The fund will be administered by Major League Baseball Players Association and the AFL-CIO and distributed to stadium workers and others who face financial hardship through no fault of their own due to the MLB franchise owners’ lockout.

The lockout was implemented by owners on Dec. 2 after spending months avoiding meaningful bargaining over issues of importance to players, including improving competition, providing fair compensation for younger players and upholding the integrity of MLB’s market-based economic system.

MLB announced on Tuesday that it would postpone the start of the regular season, depriving workers who are depending on baseball games for employment.

“There are a lot of people who make our game great. Many aren’t seen or heard, but they are vital to the entertainment experience of our games,” MLBPA Executive Board leaders Andrew Miller and Max Scherzer said Thursday. “Unfortunately, they will also be among those affected by the owner-imposed lockout and the cancellation of games. Through this fund, we want to let them know that they have our support.”

The MLBPA will work with the AFL-CIO in the weeks ahead to determine the hardest hit communities and align resource distribution to those who need it most.

Staging more than 2,500 Major League Baseball games each year requires thousands of skilled workers — from concession crews, electricians, ushers, security, transportation and janitors to television and radio broadcasting crews and groundskeepers—who serve in their roles with pride and dignity.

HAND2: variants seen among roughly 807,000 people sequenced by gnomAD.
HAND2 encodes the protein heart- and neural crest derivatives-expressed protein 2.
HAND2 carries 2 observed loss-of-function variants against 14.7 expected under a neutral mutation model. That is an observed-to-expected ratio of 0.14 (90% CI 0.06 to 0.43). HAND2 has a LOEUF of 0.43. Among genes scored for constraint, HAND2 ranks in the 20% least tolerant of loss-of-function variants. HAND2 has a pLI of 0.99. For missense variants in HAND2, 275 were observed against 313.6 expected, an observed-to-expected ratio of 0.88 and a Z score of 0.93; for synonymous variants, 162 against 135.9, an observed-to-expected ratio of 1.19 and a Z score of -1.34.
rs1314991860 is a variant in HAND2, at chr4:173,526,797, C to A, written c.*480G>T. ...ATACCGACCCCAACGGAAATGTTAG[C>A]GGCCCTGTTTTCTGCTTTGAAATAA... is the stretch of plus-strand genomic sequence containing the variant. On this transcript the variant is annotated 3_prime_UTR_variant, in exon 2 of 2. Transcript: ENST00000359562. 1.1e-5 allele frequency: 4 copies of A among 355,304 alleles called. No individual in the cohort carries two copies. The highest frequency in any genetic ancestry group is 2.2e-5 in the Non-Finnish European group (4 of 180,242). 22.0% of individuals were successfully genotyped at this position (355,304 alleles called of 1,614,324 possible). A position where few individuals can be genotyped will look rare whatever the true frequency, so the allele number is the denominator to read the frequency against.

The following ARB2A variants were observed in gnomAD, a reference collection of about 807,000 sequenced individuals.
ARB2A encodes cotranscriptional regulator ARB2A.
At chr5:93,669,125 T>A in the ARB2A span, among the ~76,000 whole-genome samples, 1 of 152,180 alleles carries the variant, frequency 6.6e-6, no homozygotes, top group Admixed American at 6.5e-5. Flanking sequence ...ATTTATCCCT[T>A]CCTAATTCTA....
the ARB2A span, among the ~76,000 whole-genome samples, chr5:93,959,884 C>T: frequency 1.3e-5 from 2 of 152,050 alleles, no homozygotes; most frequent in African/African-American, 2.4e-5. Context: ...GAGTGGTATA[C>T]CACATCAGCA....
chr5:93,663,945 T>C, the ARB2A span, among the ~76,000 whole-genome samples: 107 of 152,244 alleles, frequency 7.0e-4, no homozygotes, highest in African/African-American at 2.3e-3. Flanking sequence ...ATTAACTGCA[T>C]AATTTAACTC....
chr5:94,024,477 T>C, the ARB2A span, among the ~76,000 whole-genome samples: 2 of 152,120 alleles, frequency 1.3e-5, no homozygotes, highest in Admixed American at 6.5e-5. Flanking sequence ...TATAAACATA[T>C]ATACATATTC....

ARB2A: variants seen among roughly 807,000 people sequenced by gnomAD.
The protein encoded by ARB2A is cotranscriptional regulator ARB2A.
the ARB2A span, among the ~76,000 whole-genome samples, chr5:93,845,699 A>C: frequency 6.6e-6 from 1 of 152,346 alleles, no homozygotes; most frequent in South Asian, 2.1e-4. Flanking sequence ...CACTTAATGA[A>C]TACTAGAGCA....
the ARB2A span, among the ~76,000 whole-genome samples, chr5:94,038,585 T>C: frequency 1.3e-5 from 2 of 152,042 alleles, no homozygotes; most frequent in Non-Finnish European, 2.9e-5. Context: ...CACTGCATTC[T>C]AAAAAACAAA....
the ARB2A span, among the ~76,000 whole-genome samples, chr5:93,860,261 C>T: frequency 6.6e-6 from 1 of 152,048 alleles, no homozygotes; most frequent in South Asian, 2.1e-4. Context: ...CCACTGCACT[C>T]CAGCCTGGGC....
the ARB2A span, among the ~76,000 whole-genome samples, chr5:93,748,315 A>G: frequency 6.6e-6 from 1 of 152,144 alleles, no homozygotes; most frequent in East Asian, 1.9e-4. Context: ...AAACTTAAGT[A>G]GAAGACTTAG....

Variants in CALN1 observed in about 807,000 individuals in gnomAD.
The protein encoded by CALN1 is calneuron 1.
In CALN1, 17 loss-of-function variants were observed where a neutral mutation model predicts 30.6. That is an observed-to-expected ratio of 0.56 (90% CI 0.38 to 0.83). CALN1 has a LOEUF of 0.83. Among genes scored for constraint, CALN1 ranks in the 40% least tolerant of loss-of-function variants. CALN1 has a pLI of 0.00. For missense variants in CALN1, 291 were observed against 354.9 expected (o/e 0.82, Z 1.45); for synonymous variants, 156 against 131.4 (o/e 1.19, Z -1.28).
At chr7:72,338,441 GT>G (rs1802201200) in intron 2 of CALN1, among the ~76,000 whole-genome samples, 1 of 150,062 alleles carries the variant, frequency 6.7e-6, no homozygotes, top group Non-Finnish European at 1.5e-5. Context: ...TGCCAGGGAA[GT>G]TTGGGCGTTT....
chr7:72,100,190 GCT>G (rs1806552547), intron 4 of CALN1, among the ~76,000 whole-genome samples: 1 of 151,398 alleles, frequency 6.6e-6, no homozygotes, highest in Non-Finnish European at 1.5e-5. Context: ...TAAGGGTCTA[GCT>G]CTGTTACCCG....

“Whether you’re a worker on the baseball field, or a worker behind the scenes, we all deserve respect and dignity on the job,” said AFL-CIO President Liz Shuler. “The labor movement will do everything in our power to support these and all workers.”

The Players Association has worked closely with the stadium and hospitality workers across the country who are integral to Major League Baseball in recent years, and it recognizes the value they provide to the industry’s success.

“This fund is intended to support workers who are most affected by the MLB-imposed lockout but whose livelihoods have been disregarded by the owners in their efforts to pressure Players into accepting an unfair deal,” MLBPA Executive Director Tony Clark said.